SIHMA | Scalabrini Institute For Human Mobility In Africa

Ginevra Gianardi: 'From Rome to Cape Town, my internship experience at SIHMA’

The Scalabrini Insitute for Human mobility in Africa was very greatful to collaborate with Ginevra Gianardi, one of our interns at SIHMA from November 2020 to April 2021, who collaborated remotely in research and communication. It is precious for our team to have young students who are passionate about migration and human rights, who want to learn more and share their knowledge and skills with our Research Institute.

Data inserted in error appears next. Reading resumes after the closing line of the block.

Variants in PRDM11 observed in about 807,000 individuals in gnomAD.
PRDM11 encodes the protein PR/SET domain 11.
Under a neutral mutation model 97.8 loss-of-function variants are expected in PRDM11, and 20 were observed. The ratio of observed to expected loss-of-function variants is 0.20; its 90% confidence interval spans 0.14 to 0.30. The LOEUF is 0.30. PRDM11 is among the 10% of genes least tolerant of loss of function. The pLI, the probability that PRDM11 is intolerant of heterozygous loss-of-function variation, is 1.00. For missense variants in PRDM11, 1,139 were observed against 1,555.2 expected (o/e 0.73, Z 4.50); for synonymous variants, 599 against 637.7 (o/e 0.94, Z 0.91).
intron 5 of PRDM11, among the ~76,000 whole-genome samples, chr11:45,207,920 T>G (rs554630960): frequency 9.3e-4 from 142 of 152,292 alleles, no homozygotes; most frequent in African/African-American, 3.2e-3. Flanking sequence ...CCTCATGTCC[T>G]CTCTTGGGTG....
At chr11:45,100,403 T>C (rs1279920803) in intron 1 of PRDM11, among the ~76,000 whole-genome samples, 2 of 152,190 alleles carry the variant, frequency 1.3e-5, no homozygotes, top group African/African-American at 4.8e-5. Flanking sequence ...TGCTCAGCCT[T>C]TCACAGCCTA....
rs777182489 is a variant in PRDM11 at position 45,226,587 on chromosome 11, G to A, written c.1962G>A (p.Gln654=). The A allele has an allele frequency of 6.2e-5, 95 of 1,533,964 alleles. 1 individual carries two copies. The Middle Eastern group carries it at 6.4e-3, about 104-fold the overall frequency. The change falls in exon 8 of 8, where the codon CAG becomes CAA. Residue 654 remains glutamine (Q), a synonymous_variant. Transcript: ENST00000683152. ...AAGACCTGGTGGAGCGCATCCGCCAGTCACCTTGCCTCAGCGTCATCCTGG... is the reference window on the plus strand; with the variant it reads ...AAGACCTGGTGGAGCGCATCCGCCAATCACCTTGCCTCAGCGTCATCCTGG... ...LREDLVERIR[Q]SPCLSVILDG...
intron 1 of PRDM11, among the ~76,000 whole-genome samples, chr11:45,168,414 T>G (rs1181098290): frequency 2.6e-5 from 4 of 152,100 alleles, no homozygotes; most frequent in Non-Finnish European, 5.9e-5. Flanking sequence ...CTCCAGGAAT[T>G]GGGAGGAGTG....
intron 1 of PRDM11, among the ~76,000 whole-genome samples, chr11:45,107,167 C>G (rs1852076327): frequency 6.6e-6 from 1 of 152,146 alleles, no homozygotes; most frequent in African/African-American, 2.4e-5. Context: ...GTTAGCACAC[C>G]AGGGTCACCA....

Ginevra was born and raised in Rome, Italy. She attended university at the School of Oriental and African Studies (SOAS) in London, and graduated with an undergraduate degree in International Relations and Politics in 2019. She has recently completed a postgraduate degree in International Migration and Public Policy at The London School of Economics and Political Science (LSE). During her studies, Ginevra has further explored the relationship between healthcare disparities and migration, and has specifically focused on the impact of deportation policy on migrant mental health. Alongside this training, she gained experience by working for a society that aimed to provide aid to migrant communities in urban and encamped realities across France, the UK and Lebanon. Here, she raised awareness on patterns of mass migration and encampment policies, and developed strategies for fundraising, local assistance in refugee camps and social relief. Her main areas of focus are gendered migration and labour exploitation, urbanisation and the spatiality of migrant reception/detention facilities, migration policy, refugee mental health and the adverse effects of the environment on mobility. Ginevra joined SIHMA as a Research and Communications Intern for 4 months, in order to advance her understanding of current migration patterns and issues in South Africa and in the continent. Here is Ginevra’s reflection about her experience with us.